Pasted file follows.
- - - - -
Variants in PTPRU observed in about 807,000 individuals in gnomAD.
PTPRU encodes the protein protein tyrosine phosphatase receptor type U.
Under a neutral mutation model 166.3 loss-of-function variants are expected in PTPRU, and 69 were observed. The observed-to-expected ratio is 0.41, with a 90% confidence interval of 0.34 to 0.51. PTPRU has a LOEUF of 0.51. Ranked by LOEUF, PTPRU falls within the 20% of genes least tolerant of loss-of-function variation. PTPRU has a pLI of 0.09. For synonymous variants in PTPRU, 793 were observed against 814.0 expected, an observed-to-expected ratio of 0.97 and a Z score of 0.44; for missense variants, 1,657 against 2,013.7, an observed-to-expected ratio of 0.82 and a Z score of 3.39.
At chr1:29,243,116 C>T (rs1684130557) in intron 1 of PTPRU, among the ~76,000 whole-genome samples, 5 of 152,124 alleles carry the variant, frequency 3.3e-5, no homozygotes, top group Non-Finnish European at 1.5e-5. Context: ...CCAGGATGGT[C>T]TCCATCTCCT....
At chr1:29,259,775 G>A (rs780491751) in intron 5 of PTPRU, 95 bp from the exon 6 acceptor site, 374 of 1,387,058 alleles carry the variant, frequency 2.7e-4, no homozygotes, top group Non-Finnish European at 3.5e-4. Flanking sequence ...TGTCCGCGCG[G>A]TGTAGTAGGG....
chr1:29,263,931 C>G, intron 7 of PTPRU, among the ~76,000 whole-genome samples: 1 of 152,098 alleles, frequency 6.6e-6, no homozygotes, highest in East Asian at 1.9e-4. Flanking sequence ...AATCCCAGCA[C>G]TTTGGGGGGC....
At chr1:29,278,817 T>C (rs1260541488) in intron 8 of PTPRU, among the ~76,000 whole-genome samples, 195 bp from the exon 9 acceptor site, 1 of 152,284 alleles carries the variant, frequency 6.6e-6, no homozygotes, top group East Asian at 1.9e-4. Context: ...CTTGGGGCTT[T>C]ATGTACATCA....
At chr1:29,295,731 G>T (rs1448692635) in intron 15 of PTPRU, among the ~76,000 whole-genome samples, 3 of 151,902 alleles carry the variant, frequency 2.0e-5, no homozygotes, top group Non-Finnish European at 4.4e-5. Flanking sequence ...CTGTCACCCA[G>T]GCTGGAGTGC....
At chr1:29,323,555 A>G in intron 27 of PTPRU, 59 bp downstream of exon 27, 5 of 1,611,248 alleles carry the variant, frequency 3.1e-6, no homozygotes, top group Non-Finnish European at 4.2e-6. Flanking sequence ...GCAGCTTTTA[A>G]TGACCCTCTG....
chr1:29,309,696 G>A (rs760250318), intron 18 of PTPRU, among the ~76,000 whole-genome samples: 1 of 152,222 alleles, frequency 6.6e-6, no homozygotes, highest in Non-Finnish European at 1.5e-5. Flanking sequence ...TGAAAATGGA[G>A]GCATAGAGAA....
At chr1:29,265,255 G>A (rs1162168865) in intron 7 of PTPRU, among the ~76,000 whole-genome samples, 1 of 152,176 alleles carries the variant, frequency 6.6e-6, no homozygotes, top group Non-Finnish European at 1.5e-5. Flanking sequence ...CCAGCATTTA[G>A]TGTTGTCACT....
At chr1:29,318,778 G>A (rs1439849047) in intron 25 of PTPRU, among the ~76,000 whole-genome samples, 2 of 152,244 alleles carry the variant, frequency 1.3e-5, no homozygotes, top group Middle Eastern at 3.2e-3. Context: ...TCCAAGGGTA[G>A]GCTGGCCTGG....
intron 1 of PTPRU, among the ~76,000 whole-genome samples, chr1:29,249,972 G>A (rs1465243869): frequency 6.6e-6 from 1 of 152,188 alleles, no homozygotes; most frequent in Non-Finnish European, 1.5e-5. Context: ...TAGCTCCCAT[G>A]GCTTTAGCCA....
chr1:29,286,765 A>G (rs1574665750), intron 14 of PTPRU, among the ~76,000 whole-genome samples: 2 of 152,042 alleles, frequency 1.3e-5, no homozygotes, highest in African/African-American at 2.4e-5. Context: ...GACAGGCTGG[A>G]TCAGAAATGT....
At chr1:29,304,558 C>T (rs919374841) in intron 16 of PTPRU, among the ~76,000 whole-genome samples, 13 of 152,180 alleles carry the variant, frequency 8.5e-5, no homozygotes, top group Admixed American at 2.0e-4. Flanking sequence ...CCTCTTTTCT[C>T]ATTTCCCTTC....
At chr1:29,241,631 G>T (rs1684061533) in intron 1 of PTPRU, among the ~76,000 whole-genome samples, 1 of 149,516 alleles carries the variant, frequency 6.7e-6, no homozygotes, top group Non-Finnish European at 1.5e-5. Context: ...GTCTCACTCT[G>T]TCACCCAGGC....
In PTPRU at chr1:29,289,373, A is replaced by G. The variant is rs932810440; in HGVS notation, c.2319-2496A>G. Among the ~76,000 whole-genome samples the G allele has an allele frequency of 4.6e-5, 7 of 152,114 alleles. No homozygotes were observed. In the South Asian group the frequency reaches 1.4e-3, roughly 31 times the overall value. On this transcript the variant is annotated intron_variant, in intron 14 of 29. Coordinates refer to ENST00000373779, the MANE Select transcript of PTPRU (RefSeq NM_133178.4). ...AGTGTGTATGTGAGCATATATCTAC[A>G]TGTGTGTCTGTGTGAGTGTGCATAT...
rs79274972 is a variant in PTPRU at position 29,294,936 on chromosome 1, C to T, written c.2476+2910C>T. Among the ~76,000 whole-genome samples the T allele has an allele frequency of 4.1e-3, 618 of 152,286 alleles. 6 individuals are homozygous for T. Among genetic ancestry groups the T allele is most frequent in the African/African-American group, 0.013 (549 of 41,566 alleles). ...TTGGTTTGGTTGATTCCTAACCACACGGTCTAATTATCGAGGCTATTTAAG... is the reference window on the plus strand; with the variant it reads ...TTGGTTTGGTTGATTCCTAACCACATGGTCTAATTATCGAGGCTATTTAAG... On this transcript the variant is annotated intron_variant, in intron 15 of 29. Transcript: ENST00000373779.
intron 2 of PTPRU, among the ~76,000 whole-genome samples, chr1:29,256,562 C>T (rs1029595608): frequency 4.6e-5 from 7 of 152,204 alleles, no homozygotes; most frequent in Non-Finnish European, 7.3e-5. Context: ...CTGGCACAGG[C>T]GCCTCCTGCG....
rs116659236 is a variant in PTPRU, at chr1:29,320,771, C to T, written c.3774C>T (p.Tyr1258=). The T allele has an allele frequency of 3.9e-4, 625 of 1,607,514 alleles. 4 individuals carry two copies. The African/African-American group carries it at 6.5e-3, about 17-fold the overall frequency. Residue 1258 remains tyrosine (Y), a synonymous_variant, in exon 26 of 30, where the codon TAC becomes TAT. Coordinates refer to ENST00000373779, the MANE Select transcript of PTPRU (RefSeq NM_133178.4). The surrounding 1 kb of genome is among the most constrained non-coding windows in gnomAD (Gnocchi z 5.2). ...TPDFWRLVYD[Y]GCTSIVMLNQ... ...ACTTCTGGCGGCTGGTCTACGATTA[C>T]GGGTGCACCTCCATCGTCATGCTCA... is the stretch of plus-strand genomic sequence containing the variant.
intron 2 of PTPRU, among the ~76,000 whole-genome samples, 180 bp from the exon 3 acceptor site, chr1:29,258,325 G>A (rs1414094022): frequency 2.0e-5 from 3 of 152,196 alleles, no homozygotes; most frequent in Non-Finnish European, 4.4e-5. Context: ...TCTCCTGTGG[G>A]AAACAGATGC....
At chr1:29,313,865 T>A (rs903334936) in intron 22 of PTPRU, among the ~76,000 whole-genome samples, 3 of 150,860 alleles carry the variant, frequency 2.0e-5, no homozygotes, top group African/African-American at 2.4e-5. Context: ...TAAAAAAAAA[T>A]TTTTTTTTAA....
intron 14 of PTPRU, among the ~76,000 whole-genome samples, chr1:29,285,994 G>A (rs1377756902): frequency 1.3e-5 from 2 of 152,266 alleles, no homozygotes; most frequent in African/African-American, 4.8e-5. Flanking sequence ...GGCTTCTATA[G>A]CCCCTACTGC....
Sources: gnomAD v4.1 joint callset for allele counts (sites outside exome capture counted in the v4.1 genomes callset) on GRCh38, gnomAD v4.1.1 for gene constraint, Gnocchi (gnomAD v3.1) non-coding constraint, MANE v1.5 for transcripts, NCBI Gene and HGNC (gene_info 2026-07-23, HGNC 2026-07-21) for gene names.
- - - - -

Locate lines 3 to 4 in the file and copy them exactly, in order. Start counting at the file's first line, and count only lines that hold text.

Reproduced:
Under a neutral mutation model 166.3 loss-of-function variants are expected in PTPRU, and 69 were observed. The observed-to-expected ratio is 0.41, with a 90% confidence interval of 0.34 to 0.51. PTPRU has a LOEUF of 0.51. Ranked by LOEUF, PTPRU falls within the 20% of genes least tolerant of loss-of-function variation. PTPRU has a pLI of 0.09. For synonymous variants in PTPRU, 793 were observed against 814.0 expected, an observed-to-expected ratio of 0.97 and a Z score of 0.44; for missense variants, 1,657 against 2,013.7, an observed-to-expected ratio of 0.82 and a Z score of 3.39.
At chr1:29,243,116 C>T (rs1684130557) in intron 1 of PTPRU, among the ~76,000 whole-genome samples, 5 of 152,124 alleles carry the variant, frequency 3.3e-5, no homozygotes, top group Non-Finnish European at 1.5e-5. Context: ...CCAGGATGGT[C>T]TCCATCTCCT....